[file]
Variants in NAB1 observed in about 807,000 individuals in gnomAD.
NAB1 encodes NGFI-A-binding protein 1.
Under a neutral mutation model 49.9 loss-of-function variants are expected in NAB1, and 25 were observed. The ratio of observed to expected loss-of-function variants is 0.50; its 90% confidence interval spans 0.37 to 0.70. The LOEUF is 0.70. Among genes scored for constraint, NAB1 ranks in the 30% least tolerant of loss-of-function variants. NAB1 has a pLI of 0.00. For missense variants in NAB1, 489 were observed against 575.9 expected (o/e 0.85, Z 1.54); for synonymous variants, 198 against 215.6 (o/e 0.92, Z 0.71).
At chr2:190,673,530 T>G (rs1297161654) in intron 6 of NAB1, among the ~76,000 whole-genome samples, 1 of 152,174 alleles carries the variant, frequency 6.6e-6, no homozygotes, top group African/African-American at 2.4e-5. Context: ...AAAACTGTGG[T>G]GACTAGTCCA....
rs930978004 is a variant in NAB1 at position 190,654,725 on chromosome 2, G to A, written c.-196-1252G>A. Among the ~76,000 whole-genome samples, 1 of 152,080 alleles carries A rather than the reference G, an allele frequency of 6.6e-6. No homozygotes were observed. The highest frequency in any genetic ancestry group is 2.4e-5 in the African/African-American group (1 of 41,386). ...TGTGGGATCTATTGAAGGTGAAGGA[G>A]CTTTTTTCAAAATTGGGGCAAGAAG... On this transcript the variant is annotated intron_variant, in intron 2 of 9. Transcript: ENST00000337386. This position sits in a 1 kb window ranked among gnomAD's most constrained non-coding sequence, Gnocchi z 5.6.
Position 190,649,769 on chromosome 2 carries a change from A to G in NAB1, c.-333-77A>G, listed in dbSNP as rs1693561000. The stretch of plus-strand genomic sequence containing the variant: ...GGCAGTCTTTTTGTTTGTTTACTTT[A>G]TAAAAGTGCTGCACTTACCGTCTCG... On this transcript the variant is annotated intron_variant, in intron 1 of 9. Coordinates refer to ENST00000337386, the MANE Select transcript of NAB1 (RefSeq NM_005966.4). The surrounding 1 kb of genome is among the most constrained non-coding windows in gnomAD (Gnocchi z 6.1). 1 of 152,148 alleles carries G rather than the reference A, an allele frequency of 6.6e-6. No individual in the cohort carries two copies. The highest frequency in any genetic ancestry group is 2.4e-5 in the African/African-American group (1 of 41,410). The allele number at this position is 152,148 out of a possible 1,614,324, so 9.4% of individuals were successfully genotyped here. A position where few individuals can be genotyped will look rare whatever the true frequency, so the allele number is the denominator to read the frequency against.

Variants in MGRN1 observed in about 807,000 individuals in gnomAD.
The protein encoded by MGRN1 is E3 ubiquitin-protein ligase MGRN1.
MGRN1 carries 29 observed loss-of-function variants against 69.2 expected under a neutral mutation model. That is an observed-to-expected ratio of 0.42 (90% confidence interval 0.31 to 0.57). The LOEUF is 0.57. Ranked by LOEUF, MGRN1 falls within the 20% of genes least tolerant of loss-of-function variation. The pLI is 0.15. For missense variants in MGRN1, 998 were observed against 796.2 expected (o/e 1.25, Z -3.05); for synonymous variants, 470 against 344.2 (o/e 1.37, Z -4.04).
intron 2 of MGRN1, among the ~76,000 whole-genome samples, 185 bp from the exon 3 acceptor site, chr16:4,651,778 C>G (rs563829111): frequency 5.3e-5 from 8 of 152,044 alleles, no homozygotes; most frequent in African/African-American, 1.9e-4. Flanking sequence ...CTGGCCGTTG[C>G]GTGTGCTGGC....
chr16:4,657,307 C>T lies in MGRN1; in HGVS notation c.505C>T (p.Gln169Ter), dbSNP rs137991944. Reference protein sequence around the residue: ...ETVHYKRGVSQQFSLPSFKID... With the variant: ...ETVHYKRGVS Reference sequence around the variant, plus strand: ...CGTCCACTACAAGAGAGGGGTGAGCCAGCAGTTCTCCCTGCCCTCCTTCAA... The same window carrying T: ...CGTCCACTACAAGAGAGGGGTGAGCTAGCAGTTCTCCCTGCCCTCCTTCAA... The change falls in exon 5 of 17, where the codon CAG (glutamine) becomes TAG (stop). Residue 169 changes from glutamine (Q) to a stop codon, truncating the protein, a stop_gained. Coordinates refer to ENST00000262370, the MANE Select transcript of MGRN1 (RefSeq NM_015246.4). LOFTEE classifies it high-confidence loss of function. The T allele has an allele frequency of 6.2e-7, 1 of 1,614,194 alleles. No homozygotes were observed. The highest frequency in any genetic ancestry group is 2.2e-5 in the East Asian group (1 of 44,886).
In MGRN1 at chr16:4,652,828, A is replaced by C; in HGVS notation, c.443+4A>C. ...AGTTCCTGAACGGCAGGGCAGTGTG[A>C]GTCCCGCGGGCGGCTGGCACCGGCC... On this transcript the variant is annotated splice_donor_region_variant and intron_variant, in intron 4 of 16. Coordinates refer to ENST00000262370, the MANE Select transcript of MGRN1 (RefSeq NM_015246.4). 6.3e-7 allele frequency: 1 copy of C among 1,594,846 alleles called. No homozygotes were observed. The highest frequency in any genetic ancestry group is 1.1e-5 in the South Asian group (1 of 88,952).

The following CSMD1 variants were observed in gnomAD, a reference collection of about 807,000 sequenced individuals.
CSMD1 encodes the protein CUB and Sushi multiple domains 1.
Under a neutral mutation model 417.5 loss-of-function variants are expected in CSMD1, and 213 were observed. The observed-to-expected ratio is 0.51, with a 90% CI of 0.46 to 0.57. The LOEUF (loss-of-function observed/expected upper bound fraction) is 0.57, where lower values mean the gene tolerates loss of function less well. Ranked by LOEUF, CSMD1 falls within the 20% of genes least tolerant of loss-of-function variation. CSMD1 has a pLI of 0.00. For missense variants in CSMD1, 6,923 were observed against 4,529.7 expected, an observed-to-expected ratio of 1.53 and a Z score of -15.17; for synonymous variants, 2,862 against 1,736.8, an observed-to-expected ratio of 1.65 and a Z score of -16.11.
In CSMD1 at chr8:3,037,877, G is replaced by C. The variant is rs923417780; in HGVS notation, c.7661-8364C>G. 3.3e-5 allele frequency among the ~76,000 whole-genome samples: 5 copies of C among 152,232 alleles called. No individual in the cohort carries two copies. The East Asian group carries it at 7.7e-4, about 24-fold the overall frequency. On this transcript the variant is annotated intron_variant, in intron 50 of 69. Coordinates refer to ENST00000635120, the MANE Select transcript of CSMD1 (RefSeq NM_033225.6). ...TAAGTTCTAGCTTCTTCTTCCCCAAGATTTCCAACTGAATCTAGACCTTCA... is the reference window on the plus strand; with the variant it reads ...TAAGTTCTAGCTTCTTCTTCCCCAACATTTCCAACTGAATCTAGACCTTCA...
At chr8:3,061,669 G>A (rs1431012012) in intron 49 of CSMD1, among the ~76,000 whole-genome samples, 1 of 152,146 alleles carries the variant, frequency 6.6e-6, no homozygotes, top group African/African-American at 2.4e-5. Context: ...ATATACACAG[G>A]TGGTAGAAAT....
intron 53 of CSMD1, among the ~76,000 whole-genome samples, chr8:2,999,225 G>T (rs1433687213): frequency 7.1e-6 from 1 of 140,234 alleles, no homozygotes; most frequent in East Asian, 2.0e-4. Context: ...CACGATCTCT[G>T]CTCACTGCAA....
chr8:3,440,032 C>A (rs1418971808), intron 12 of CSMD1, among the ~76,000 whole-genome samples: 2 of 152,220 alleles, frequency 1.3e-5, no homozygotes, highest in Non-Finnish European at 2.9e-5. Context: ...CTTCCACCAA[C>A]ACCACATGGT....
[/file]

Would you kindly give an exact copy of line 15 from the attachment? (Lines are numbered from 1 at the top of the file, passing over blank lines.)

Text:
Under a neutral mutation model 417.5 loss-of-function variants are expected in CSMD1, and 213 were observed. The observed-to-expected ratio is 0.51, with a 90% CI of 0.46 to 0.57. The LOEUF (loss-of-function observed/expected upper bound fraction) is 0.57, where lower values mean the gene tolerates loss of function less well. Ranked by LOEUF, CSMD1 falls within the 20% of genes least tolerant of loss-of-function variation. CSMD1 has a pLI of 0.00. For missense variants in CSMD1, 6,923 were observed against 4,529.7 expected, an observed-to-expected ratio of 1.53 and a Z score of -15.17; for synonymous variants, 2,862 against 1,736.8, an observed-to-expected ratio of 1.65 and a Z score of -16.11.